The Flaws in Jacob Soboroff’s UCI Student Voter “Survey”
MSNBC correspondent Jacob Soboroff visited our campus on Oct. 9 to survey UCI students’ feelings about voting… is what I would have said had he actually stepped foot on campus.
Instead, Soboroff went to the UTC shuttle stop and asked a random group of students if they were going to vote. Unsurprisingly, most students weren’t very receptive to a stranger with a camera, especially not as they’re waiting to get home. I’ve been riding these shuttles for the past four years and finding a seat is so competitive that I always plan my approach down to the very location at which I stand at the stop.
Check the Rider app, figure out bus routes, stand at optimal position, win. That formula leaves no room for an interview. You can see what I mean at around the two-minute mark in MSNBC’s video. As Soboroff is speaking to the gentleman in pink a large rush of students makes their way behind them, all of them competing for a seat because the 20-minute bus ride home is much better spent sitting.
I have many issues with Soboroff’s video, but my main issue is that I don’t think he even tried. Had he just walked across the bridge onto campus he would have seen the first of many booths registering students to vote. I talked to Jeanie Le with the College Democrats at their booth on Ring Road who said they felt the video was not at all representative of the student population. They see a large influx of students every day they’re out, with most of them saying they’re already registered or looking to update their address. They released their own statement on the video, listing all their efforts to engage and inform student voters (weekly meetings open to the public, providing voter information, finding jobs in with the Democratic Party of Orange County, etc.)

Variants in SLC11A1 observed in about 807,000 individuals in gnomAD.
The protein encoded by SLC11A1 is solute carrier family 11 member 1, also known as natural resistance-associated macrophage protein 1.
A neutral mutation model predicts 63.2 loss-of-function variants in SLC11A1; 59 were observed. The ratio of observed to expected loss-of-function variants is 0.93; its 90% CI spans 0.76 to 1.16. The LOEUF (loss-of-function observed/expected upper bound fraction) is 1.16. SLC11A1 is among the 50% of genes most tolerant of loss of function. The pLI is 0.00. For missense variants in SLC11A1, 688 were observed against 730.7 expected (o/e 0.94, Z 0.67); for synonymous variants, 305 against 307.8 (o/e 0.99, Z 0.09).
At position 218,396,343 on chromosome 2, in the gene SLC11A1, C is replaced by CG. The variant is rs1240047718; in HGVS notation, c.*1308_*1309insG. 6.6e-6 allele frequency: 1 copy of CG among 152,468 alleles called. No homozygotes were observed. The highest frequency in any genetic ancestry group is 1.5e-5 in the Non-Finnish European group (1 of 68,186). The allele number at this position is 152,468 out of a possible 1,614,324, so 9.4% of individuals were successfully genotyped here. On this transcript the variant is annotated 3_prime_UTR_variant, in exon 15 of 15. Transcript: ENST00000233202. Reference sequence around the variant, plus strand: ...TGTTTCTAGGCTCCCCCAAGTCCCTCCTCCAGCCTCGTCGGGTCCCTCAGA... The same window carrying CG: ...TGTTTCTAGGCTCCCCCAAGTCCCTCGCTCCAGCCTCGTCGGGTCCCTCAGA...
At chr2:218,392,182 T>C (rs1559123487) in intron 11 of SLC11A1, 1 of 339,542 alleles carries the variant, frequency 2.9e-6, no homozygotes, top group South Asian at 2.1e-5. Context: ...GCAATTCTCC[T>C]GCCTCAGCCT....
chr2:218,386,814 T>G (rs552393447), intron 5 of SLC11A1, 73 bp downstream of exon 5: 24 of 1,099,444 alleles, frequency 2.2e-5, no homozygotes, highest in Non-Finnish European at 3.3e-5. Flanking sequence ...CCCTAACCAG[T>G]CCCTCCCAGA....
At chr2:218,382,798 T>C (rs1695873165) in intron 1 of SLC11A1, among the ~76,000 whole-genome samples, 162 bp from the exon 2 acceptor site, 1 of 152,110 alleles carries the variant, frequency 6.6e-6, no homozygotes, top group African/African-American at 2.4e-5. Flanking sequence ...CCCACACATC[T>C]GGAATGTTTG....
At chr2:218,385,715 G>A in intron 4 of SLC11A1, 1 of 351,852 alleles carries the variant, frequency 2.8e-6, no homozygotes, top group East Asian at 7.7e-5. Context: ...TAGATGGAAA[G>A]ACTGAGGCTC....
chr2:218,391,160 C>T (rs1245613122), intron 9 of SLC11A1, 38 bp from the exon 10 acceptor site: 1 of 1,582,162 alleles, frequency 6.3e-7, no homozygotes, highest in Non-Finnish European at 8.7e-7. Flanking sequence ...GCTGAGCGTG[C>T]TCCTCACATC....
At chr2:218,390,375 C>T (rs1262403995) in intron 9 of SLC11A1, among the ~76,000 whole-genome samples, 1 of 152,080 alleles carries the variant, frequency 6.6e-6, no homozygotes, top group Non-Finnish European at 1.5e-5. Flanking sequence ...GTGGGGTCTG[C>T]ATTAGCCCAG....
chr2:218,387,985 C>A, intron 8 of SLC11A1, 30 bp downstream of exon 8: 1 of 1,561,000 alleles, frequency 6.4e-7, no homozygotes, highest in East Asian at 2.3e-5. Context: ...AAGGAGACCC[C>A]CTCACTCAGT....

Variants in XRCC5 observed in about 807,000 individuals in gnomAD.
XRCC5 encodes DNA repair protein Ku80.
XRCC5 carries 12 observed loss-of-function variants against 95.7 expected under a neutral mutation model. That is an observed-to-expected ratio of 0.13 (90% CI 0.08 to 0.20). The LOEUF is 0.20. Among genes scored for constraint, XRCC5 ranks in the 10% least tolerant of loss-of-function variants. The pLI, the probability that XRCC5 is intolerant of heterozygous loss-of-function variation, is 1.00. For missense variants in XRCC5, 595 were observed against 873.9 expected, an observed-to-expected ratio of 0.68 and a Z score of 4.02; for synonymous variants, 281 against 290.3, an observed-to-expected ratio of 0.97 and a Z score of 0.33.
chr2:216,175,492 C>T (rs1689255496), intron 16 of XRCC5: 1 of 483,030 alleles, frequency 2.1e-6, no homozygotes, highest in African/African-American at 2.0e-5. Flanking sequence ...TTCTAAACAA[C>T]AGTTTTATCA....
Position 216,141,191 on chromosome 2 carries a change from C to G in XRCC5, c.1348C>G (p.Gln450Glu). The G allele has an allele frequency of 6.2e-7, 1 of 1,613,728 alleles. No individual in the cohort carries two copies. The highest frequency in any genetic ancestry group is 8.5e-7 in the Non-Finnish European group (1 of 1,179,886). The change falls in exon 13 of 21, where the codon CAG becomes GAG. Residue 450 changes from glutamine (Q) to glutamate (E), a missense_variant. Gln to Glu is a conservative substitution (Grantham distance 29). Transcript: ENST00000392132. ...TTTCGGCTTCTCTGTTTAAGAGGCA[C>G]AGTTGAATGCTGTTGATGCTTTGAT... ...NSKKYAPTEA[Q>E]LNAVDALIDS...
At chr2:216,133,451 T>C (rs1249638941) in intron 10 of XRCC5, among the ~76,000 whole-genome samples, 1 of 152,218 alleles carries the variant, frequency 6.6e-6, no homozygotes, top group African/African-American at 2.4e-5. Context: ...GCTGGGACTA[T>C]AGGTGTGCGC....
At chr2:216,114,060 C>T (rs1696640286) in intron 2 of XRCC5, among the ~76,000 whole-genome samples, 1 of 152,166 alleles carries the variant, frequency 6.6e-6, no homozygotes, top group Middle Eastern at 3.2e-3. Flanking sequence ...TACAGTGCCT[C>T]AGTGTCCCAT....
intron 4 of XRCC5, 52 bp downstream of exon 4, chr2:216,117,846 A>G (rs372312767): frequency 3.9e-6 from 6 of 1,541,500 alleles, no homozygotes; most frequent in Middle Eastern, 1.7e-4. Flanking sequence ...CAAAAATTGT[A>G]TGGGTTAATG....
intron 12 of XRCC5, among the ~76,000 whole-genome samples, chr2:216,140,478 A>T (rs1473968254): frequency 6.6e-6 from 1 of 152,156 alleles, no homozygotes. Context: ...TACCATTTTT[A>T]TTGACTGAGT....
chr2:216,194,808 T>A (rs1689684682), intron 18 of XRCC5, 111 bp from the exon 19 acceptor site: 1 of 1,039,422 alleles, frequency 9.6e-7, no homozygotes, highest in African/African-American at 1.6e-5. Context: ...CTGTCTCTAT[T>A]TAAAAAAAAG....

I also had the pleasure of visiting the Korean Resource Center booth where UCI Alumni Susan Park told me that the student speaking at 2:49 in the video had just registered with her.
“It was so crazy I posted it on my Instagram,” Park said. She speculated that maybe the video has mobilized students to want to register to vote.
But what if we assume for a bit that Soboroff is right? That college students really just don’t care about voting enough. What other things could they possibly have going on?
I asked my friend Stephany to show me what her weekly schedule looks like. She’s taking 20 units this quarter (5 classes), 35 hours of work a week, 10 hours a week volunteering with the mental health committee, and she’s also a discussion leader for University Studies 1 freshmen. That’s a pretty packed schedule by any measure, and to find time in that schedule to become an informed voter? That’s a ridiculous expectation.
“I’m registered to vote and all, but to actually find the time to do research would be a miracle,” Stephany said.
I also have a busy life. In speaking to my freshmen discussion sections, they tell me about how packed their schedules are. Work, class, clubs, social life, etc. It’s a lot to juggle all at once, and just because students can’t always make time for politics doesn’t mean they don’t want to. It’s easy to forget that for a lot of students time is a luxury, and becoming a really well informed voter can feel like somewhat of a privilege. And to then be expected to speak about it publicly to a stranger? Good luck, sir.
Miguel Lopez is a fourth year English and Literary Journalism Major. He can be reached at firstname.lastname@example.org.
Edit: A previous version of this article misidentified Susan Park as Christine Park. The error has since been amended.